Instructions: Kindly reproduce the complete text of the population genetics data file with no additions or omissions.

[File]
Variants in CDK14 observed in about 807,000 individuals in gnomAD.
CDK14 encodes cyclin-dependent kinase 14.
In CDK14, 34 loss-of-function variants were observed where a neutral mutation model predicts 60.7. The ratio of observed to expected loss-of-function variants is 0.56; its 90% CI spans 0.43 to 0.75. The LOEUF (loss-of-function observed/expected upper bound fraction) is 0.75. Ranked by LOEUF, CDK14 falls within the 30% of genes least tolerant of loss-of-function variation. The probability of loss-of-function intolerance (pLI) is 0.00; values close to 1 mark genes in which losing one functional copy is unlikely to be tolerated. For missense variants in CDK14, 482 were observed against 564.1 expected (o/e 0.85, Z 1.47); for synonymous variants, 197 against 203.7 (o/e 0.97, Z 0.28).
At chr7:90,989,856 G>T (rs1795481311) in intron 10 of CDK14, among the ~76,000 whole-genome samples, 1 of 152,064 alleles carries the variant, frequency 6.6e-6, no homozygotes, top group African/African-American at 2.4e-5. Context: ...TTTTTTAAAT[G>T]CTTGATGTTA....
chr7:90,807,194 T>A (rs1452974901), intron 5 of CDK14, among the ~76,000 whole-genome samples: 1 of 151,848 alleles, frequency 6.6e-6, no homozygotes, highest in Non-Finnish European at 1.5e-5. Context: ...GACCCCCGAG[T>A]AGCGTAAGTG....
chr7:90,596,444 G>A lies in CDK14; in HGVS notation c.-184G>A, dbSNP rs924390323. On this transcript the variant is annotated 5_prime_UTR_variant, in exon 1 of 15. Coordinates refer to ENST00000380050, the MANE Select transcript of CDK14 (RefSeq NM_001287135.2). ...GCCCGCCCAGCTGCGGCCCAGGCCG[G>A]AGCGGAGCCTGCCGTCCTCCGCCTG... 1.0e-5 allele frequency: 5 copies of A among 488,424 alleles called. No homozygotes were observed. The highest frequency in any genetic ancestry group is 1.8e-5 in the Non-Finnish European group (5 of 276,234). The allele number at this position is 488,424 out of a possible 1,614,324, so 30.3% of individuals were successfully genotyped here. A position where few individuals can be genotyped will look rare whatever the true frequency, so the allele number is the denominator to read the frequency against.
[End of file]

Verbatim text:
Variants in CDK14 observed in about 807,000 individuals in gnomAD.
CDK14 encodes cyclin-dependent kinase 14.
In CDK14, 34 loss-of-function variants were observed where a neutral mutation model predicts 60.7. The ratio of observed to expected loss-of-function variants is 0.56; its 90% CI spans 0.43 to 0.75. The LOEUF (loss-of-function observed/expected upper bound fraction) is 0.75. Ranked by LOEUF, CDK14 falls within the 30% of genes least tolerant of loss-of-function variation. The probability of loss-of-function intolerance (pLI) is 0.00; values close to 1 mark genes in which losing one functional copy is unlikely to be tolerated. For missense variants in CDK14, 482 were observed against 564.1 expected (o/e 0.85, Z 1.47); for synonymous variants, 197 against 203.7 (o/e 0.97, Z 0.28).
At chr7:90,989,856 G>T (rs1795481311) in intron 10 of CDK14, among the ~76,000 whole-genome samples, 1 of 152,064 alleles carries the variant, frequency 6.6e-6, no homozygotes, top group African/African-American at 2.4e-5. Context: ...TTTTTTAAAT[G>T]CTTGATGTTA....
chr7:90,807,194 T>A (rs1452974901), intron 5 of CDK14, among the ~76,000 whole-genome samples: 1 of 151,848 alleles, frequency 6.6e-6, no homozygotes, highest in Non-Finnish European at 1.5e-5. Context: ...GACCCCCGAG[T>A]AGCGTAAGTG....
chr7:90,596,444 G>A lies in CDK14; in HGVS notation c.-184G>A, dbSNP rs924390323. On this transcript the variant is annotated 5_prime_UTR_variant, in exon 1 of 15. Coordinates refer to ENST00000380050, the MANE Select transcript of CDK14 (RefSeq NM_001287135.2). ...GCCCGCCCAGCTGCGGCCCAGGCCG[G>A]AGCGGAGCCTGCCGTCCTCCGCCTG... 1.0e-5 allele frequency: 5 copies of A among 488,424 alleles called. No homozygotes were observed. The highest frequency in any genetic ancestry group is 1.8e-5 in the Non-Finnish European group (5 of 276,234). The allele number at this position is 488,424 out of a possible 1,614,324, so 30.3% of individuals were successfully genotyped here. A position where few individuals can be genotyped will look rare whatever the true frequency, so the allele number is the denominator to read the frequency against.